The New Face of Unionbusting
by David Bacon
Both Richard Bensinger and Joe Uehlein say that despite the new concentration on organizing by the AFL-CIO's new leadership, they haven't seen a qualitative shift or increase in direct unionbusting activity. That's not surprising, given the boost unionbusting got during the Reagan/Bush years.
But it's also clear that employers have their eyes on unions' most innovative strategies. Like unions, unionbusters learn from experience. After years of seeing the United Farm Workers organize big marches during organizing drives, for instance, last year strawberry growers in Watsonville, California, organized their own march of workers opposed to the union. They clearly understand the importance of public opinion, especially given the history of UFW appeals for consumer boycotts. Growers hired their own public relations agency, the Dolphin Group of San Diego, to manage their image.
Direct activity by anti-union consultants and lawfirms, and their strikebreaking guards, is a big obstacle to the survival and growth of unions. But in the long term, the new face of unionbusting may prove to have an even greater effect. The newest and fastest growing industries - electronics, biotechnology and others - have developed an anti-union structure which workers have yet to crack on a large scale. The use of chronic unemployment and social policies like welfare and immigration reform hold the threat of pitting workers against each other in a vicious competition.
Fighting against unionbusting, therefore, isn't simply a matter of using more intelligent and innovative tactics. Labor has to fight for a social agenda which includes the repeal of welfare reform, and supports equality between immigrant and native-born workers. The organization of unemployed people may prove to be as important as organizing in the workplace.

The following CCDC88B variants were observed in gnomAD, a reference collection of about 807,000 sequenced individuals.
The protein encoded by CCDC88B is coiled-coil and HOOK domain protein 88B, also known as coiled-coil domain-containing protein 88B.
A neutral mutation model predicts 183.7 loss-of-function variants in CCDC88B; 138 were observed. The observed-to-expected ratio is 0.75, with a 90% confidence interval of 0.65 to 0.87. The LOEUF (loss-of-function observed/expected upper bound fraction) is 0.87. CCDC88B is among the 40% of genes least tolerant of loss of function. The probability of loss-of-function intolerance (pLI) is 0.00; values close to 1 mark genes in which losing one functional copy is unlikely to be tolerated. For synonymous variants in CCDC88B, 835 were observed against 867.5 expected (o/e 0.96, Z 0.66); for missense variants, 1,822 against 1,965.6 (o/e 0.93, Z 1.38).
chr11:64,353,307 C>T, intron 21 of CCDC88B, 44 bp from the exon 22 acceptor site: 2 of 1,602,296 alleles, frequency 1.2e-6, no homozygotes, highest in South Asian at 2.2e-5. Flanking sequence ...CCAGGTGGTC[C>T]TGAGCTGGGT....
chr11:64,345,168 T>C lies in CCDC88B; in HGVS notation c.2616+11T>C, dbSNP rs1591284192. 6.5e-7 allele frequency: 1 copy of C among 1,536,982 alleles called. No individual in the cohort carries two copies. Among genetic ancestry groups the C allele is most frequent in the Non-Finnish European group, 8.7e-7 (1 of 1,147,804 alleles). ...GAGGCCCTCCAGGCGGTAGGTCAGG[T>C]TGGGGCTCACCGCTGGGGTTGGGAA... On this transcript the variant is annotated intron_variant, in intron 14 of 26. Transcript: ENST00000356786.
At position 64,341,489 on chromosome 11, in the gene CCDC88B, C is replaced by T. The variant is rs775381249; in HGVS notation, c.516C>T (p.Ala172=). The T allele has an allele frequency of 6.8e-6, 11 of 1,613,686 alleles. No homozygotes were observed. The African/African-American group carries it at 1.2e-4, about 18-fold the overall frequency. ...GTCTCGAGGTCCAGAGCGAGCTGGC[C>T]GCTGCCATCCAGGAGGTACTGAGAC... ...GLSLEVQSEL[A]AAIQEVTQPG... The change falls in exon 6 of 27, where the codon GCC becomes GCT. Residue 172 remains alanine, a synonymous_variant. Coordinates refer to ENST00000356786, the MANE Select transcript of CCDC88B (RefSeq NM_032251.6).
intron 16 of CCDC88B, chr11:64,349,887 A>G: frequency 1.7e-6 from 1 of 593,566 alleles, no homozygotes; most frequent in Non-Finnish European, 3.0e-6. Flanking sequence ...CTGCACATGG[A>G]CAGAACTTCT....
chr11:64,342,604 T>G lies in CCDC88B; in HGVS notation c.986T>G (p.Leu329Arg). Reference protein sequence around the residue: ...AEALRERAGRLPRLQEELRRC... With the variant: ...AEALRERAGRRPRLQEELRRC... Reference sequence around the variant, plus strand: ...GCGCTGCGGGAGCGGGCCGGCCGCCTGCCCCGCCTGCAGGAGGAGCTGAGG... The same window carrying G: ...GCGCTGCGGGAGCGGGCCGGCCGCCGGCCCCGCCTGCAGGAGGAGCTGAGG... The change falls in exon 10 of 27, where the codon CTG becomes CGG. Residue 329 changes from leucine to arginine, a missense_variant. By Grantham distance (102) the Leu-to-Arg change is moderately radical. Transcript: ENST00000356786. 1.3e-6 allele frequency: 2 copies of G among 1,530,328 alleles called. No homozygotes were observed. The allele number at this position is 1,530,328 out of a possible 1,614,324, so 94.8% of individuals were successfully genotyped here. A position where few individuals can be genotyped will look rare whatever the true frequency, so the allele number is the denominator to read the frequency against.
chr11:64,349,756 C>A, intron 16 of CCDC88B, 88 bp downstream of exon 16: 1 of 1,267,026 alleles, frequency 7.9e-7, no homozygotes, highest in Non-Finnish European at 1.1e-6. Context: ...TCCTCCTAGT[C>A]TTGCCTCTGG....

To not only preserve, but to increase the overall percentage of organized workers takes over 400,000 new union members a year, a rate the AFL-CIO has yet to achieve. While trained fulltime organizers are necessary, along with a commitment to using better and more militant strategy, clearly the 15 million union members in the U.S. themselves have to become involved in union activity in new ways to achieve this result. That requires structural changes inside unions, bringing ordinary members more into decision-making, reducing the often-wide gulf which separates union leadership from the rank-and-file.
In U.S. labor history, large-scale union organizing has always been part of a social movement, fighting for the interests of all workers, organized and unorganized, employed and unemployed. The company unions, the violence of strikebreakers, and the lack of legal rights which faced workers in the 1920s, were swept away a decade later. An upsurge among millions of American workers, radicalized by the depression and leftwing activism, forced corporate acceptance of labor for the first time in the country's history. It mobilized the power of workers necessary to overcome obstacles not dissimilar to those of the present, by projecting a vision of social and economic change which went far beyond, and directly in contradiction, to the prevailing wisdom of its time.
The current changes taking place in U.S. unions may be the beginning of something as large and profound. If they are, then the obstacles of present-day unionbusters can become an historical relic as quickly as did those of an earlier era.
Part 1. Unionbusting Gets Sophisticated
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